Steven Finkbeiner

Clive Svendsen

 

 

 

 

 

 Q: What is the mission of the HD iPSC Consortium?

To create a resource for the HD community of HD derived stem cell lines as well as tackling problems that would be difficult to do by any lab on its own.  Through the diverse expertise represented by the consortium members, we have been able to carry out deep and broad analyses of HD-associated phenotypes [observable characteristics derived from your genome].  The authorship of the paper  – the HD iPSC consortium (and of the previous consortium paper in 2012) – reflects this goal of enabling a consortium and giving recognition to the individuals who are part of it.

Q: What is the significance of the findings in your study and what novel insights does it bring to the HD field?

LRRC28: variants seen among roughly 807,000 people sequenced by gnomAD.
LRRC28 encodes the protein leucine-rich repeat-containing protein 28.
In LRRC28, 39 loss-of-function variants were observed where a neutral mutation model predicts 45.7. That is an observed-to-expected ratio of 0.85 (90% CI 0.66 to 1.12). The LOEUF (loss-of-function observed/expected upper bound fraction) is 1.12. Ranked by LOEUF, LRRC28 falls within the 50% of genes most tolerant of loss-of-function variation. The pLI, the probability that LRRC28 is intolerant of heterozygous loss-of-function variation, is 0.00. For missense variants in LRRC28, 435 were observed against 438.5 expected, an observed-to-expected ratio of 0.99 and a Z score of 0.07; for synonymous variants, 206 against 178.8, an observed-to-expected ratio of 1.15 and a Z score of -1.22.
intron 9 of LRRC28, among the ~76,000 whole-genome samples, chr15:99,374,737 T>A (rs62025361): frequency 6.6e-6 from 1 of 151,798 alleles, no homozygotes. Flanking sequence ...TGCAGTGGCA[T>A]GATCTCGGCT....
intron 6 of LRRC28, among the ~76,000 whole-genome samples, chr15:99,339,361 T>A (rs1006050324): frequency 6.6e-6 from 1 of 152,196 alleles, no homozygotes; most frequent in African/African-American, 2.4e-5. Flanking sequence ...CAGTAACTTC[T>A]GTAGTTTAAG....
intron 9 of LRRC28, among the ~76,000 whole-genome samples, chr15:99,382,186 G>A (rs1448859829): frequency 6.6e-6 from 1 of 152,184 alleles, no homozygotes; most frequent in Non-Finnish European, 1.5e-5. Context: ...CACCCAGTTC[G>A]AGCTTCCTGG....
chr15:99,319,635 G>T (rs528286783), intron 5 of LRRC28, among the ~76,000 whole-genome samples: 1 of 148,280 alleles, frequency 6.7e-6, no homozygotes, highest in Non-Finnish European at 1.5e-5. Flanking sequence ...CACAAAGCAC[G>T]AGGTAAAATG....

Our data revealed a surprising neurodevelopmental effect of highly expanded repeats on the HD neural cells.  A third of the changes reflected changes in networks that regulate development and maturation of neurons and when compared to neurodevelopment pathways in mice, showed that maturation appeared to be impacted.  We think that the significance is that there may be very early changes in HD brain that may contribute to later vulnerability of the brain due to the HD mutation.  This is compounded by the inability to mount normal adult neurogenesis or formation of new neurons which could compensate for the effects of mutant HTT.  The genetic mutation is present from birth and with differentiated iPSCs, we are picking up signals earlier than we expected that may reflect alterations that create increased susceptibility or limited homeostatic reserves, so with the passage of time, symptoms do result.